Grizzly bears supposedly lumbering about in Wyoming’s Bighorn mountains is one of the most “pervasive” rumors the Wyoming Game and Fish Department deals with, an agency biologist said.
“There is also a rumor that we move (grizzly) bears to the Bighorns, which is absolutely false,” Game and Fish large carnivore specialist Dan Thompson told Cowboy State Daily
Noted Wyoming outdoorsman Paul Ulrich agreed that tales of grizzlies in the Bighorns have circulated for years among hunters, hikers and others who venture into the unique and isolated mountain range.
“I don’t have any solid evidence of grizzlies in the Bighorns, but I wouldn’t be surprised if there weren’t at least a couple of them in there,” he told Cowboy State Daily.
Grizzly bears have been verified by Game and Fish along the Greybull and Shoshone rivers east of the Absaroka mountains, Thompson said. That would put them about “halfway” between the Absaroka front and the Bighorns.
Recovery A Success
There are roughly 600 grizzlies in Wyoming, according to official counts from Game and Fish and the U.S. Fish and Wildlife Service. They are among the 1,070 bears in the entire Greater Yellowstone Ecosystem (GYE). The GYE radiates out from core habitat in Yellowstone and Grand Teton national parks and the Shoshone National Forest and includes parts of Wyoming, Montana and Idaho.
The GYE grizzlies were put under federal threatened species protection in 1975 when there were only a few hundred left.
Since then, their comeback has been a resounding success, Thompson said. Particularly since 1990, grizzly bears have been expanding their range at a steady pace.
The greatest expansion in Wyoming has been south of the Yellowstone and Grand Teton area, as grizzly bears have ventured well into the Wind River and Wyoming mountain ranges.
“We have documented grizzly bear expansion beyond the demographic monitoring area, considered biologically and socially suitable habitat for the long-term viability of grizzly bears,” Thompson said. “The result is increased conflict potential unfortunately.”
There were two high-profile grizzly attacks in Wyoming in October. Two Northwest College wrestlers were mauled by a grizzly outside of Cody on Oct. 15.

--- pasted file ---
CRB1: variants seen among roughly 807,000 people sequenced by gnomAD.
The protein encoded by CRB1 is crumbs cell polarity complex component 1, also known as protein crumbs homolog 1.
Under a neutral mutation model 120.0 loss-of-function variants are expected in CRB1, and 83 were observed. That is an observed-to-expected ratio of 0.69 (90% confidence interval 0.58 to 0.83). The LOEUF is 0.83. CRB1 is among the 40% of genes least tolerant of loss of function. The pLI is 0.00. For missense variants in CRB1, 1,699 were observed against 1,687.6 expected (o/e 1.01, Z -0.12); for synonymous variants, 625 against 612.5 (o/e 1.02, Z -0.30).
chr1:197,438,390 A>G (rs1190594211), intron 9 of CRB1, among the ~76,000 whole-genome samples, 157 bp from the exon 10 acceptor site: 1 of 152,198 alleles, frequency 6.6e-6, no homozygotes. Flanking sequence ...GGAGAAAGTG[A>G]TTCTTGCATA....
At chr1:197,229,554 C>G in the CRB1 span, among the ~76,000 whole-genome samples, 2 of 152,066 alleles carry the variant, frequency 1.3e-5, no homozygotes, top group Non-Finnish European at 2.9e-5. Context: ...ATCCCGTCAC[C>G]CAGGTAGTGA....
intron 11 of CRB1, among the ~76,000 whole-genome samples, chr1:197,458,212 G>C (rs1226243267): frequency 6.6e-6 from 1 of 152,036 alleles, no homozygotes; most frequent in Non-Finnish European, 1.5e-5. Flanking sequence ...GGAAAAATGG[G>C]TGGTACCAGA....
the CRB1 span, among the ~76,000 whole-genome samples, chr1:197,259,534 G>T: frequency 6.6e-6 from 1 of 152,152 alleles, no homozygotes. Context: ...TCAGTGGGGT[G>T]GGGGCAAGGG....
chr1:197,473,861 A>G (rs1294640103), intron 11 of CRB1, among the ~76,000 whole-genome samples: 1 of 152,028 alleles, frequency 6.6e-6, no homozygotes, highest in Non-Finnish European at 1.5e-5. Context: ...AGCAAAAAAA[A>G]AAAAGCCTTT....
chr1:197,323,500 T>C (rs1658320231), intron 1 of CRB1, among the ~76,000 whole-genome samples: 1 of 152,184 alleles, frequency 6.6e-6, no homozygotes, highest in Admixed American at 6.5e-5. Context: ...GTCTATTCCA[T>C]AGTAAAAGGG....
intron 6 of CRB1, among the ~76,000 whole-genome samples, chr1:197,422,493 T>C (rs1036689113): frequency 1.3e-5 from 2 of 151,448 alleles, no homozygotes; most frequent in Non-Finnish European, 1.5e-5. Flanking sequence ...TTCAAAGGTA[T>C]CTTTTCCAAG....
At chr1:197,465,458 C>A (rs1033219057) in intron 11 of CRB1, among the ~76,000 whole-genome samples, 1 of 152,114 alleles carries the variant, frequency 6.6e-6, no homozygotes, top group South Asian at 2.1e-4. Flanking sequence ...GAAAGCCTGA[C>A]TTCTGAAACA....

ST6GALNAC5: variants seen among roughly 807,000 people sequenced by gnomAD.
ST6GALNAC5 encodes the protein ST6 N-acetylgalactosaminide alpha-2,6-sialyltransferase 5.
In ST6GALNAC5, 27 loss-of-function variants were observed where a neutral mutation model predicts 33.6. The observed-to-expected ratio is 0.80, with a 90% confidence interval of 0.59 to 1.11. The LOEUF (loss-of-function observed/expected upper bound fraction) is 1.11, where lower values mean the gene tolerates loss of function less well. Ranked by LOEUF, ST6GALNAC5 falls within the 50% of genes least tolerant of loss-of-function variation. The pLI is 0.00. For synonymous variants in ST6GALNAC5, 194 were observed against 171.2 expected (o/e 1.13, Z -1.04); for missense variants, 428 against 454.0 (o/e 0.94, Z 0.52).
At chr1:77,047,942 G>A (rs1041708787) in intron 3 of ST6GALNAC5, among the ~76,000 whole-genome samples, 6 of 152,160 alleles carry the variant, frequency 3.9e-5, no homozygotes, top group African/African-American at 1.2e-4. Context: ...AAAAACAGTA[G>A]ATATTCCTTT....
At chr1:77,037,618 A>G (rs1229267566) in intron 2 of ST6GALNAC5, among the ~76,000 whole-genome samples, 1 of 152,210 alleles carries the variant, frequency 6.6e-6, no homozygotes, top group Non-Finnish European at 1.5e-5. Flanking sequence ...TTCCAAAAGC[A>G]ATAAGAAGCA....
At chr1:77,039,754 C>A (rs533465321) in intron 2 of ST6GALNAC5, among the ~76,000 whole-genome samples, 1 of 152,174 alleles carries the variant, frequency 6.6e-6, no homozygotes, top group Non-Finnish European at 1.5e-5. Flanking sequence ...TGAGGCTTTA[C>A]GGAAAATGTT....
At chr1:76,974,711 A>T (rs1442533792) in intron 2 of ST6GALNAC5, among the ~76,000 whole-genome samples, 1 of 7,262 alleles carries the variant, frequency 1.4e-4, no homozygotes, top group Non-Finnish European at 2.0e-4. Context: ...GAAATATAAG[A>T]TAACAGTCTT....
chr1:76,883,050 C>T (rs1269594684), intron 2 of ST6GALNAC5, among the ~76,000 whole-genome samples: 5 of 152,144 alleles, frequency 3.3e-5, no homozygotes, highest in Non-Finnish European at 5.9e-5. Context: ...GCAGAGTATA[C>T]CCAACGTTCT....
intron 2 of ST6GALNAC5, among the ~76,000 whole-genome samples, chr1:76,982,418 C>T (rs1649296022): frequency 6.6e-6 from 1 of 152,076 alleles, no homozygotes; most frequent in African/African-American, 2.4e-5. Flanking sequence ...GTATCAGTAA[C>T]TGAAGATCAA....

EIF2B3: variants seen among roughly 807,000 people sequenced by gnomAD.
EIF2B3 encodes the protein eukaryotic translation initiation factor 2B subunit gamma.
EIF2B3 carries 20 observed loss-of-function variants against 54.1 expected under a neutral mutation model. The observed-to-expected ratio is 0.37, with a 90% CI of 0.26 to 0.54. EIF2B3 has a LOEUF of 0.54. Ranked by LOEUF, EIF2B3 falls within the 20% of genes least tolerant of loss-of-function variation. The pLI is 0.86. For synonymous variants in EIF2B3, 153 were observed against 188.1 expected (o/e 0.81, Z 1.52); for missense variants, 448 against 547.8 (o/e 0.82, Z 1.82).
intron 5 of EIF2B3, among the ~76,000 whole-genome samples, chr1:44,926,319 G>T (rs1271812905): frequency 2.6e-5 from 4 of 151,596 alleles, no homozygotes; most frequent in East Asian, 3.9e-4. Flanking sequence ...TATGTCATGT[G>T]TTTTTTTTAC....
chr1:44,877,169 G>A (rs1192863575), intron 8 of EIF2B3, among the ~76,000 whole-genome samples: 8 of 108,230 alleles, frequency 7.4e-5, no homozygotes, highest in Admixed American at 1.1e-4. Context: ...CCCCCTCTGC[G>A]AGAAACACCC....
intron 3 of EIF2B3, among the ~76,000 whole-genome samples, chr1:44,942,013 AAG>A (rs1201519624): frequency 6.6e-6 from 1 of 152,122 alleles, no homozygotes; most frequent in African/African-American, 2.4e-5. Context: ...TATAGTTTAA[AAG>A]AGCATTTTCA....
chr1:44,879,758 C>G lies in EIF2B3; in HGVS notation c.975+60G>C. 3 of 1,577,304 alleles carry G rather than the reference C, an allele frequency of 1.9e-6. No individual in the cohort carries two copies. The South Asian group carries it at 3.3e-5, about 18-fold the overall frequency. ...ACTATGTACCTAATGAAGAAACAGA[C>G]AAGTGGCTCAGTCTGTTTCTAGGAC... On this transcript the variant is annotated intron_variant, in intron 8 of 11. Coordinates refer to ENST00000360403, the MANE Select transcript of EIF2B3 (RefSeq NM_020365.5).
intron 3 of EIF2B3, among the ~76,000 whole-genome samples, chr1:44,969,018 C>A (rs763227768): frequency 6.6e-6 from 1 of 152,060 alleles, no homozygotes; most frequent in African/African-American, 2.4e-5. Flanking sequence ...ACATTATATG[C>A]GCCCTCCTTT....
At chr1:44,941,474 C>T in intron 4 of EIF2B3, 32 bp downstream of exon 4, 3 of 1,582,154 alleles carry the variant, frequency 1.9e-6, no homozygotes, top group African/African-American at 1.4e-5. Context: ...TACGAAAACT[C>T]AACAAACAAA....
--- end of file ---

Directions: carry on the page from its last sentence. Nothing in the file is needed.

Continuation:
An Evanston man was hunting elk in a remote part of the Gros Ventre mountains when he was attacked Oct. 21. He drove the grizzly off with multiple shots from his handgun, but he shot himself in the foot in the process.
Grizzlies Change Outdoor Experience
Ulrich said grizzlies have become so pervasive in some areas of the Wyoming backcountry that he’ll no longer venture to those spots alone.
“When you’re hunting in grizzly country, the standard procedure is to go in with a big party,” he said. “If you get something down, you have one guy processing the game carcass while the others stand watch for grizzly bears.”
It’s nothing like it was when he was growing up in the Meeteetse area, Ulrich said.
“We would hike and camp up in that country west of Meeteetse all the time with little or no concern about grizzly bears, even though we knew there were one or two in there,” he said. “My little sister and I as grade schoolers would hike around up there without a care in the world.”
Now, being on edge seems to be par for the course in much of Wyoming’s backcountry, he said.
“In the core habitat, it seems like the number of grizzlies has exploded,” he said. “And outside of that core area, a number of my friends have seen fresh grizzly sign in places where we traditionally haven’t seen any grizzly sign.”